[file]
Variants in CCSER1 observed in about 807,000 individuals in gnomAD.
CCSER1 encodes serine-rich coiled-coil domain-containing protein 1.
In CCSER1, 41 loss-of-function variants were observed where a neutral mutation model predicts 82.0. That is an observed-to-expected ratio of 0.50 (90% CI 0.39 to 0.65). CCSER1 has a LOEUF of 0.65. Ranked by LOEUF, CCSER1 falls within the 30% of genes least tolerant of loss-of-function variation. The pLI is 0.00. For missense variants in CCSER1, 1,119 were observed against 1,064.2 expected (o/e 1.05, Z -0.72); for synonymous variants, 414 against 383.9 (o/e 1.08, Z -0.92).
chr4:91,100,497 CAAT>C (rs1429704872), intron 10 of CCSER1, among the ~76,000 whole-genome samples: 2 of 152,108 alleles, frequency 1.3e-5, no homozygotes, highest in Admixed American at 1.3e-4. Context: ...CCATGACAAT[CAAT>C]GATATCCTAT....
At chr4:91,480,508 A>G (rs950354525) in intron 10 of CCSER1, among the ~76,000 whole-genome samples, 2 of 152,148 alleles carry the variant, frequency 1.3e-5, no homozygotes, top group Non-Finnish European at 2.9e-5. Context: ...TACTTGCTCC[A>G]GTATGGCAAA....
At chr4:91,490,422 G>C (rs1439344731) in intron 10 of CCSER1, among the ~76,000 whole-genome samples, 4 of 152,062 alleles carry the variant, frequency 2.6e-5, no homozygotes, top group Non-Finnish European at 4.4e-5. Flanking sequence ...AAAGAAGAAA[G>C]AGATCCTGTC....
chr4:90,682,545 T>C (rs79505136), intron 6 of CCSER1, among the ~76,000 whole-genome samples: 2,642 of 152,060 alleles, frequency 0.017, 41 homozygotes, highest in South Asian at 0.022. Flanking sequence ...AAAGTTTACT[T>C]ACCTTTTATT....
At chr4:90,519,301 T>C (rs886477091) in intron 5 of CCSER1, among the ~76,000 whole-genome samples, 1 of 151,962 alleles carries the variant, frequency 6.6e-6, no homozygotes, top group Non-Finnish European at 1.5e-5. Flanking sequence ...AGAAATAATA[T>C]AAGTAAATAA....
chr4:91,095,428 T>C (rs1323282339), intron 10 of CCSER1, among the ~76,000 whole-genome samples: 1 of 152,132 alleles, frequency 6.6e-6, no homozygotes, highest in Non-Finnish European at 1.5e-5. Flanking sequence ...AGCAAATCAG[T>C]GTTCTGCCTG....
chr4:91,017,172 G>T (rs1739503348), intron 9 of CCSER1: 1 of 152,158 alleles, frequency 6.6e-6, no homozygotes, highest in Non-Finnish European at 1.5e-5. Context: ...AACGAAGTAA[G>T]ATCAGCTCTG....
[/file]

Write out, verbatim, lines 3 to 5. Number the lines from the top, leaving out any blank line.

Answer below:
In CCSER1, 41 loss-of-function variants were observed where a neutral mutation model predicts 82.0. That is an observed-to-expected ratio of 0.50 (90% CI 0.39 to 0.65). CCSER1 has a LOEUF of 0.65. Ranked by LOEUF, CCSER1 falls within the 30% of genes least tolerant of loss-of-function variation. The pLI is 0.00. For missense variants in CCSER1, 1,119 were observed against 1,064.2 expected (o/e 1.05, Z -0.72); for synonymous variants, 414 against 383.9 (o/e 1.08, Z -0.92).
chr4:91,100,497 CAAT>C (rs1429704872), intron 10 of CCSER1, among the ~76,000 whole-genome samples: 2 of 152,108 alleles, frequency 1.3e-5, no homozygotes, highest in Admixed American at 1.3e-4. Context: ...CCATGACAAT[CAAT>C]GATATCCTAT....
At chr4:91,480,508 A>G (rs950354525) in intron 10 of CCSER1, among the ~76,000 whole-genome samples, 2 of 152,148 alleles carry the variant, frequency 1.3e-5, no homozygotes, top group Non-Finnish European at 2.9e-5. Context: ...TACTTGCTCC[A>G]GTATGGCAAA....